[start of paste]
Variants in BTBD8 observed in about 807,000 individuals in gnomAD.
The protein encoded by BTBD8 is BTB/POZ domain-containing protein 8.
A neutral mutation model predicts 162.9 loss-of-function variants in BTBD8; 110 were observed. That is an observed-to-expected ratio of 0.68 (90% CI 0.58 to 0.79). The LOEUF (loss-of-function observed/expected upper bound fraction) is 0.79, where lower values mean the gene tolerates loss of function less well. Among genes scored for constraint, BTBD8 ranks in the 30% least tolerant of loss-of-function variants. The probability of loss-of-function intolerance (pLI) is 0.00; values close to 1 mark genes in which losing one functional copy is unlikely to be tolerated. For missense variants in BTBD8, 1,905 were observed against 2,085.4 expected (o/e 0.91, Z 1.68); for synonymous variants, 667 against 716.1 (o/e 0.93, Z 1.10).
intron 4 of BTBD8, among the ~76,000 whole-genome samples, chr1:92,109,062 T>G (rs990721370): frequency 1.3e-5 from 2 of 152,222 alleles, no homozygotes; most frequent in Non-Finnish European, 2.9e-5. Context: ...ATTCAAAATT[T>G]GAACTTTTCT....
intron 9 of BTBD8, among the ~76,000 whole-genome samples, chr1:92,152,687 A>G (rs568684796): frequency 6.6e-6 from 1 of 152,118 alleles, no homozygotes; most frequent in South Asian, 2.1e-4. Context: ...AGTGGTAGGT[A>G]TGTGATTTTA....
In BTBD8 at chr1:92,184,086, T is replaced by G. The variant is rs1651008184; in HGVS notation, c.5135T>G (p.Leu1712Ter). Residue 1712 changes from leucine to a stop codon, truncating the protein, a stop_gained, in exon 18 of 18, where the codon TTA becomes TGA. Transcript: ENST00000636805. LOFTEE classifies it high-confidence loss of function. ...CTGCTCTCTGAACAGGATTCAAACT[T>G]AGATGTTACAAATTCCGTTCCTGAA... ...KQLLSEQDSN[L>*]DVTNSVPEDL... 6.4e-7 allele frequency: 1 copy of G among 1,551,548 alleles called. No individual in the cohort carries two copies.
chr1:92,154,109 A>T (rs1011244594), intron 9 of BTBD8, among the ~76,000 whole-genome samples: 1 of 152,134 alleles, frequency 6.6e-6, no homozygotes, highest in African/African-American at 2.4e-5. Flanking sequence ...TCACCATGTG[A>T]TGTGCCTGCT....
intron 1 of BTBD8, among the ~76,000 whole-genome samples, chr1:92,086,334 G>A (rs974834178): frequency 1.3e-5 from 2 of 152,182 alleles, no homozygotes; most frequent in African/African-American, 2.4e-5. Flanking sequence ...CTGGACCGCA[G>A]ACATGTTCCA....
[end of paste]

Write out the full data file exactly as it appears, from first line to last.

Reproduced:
Variants in BTBD8 observed in about 807,000 individuals in gnomAD.
The protein encoded by BTBD8 is BTB/POZ domain-containing protein 8.
A neutral mutation model predicts 162.9 loss-of-function variants in BTBD8; 110 were observed. That is an observed-to-expected ratio of 0.68 (90% CI 0.58 to 0.79). The LOEUF (loss-of-function observed/expected upper bound fraction) is 0.79, where lower values mean the gene tolerates loss of function less well. Among genes scored for constraint, BTBD8 ranks in the 30% least tolerant of loss-of-function variants. The probability of loss-of-function intolerance (pLI) is 0.00; values close to 1 mark genes in which losing one functional copy is unlikely to be tolerated. For missense variants in BTBD8, 1,905 were observed against 2,085.4 expected (o/e 0.91, Z 1.68); for synonymous variants, 667 against 716.1 (o/e 0.93, Z 1.10).
intron 4 of BTBD8, among the ~76,000 whole-genome samples, chr1:92,109,062 T>G (rs990721370): frequency 1.3e-5 from 2 of 152,222 alleles, no homozygotes; most frequent in Non-Finnish European, 2.9e-5. Context: ...ATTCAAAATT[T>G]GAACTTTTCT....
intron 9 of BTBD8, among the ~76,000 whole-genome samples, chr1:92,152,687 A>G (rs568684796): frequency 6.6e-6 from 1 of 152,118 alleles, no homozygotes; most frequent in South Asian, 2.1e-4. Context: ...AGTGGTAGGT[A>G]TGTGATTTTA....
In BTBD8 at chr1:92,184,086, T is replaced by G. The variant is rs1651008184; in HGVS notation, c.5135T>G (p.Leu1712Ter). Residue 1712 changes from leucine to a stop codon, truncating the protein, a stop_gained, in exon 18 of 18, where the codon TTA becomes TGA. Transcript: ENST00000636805. LOFTEE classifies it high-confidence loss of function. ...CTGCTCTCTGAACAGGATTCAAACT[T>G]AGATGTTACAAATTCCGTTCCTGAA... ...KQLLSEQDSN[L>*]DVTNSVPEDL... 6.4e-7 allele frequency: 1 copy of G among 1,551,548 alleles called. No individual in the cohort carries two copies.
chr1:92,154,109 A>T (rs1011244594), intron 9 of BTBD8, among the ~76,000 whole-genome samples: 1 of 152,134 alleles, frequency 6.6e-6, no homozygotes, highest in African/African-American at 2.4e-5. Flanking sequence ...TCACCATGTG[A>T]TGTGCCTGCT....
intron 1 of BTBD8, among the ~76,000 whole-genome samples, chr1:92,086,334 G>A (rs974834178): frequency 1.3e-5 from 2 of 152,182 alleles, no homozygotes; most frequent in African/African-American, 2.4e-5. Flanking sequence ...CTGGACCGCA[G>A]ACATGTTCCA....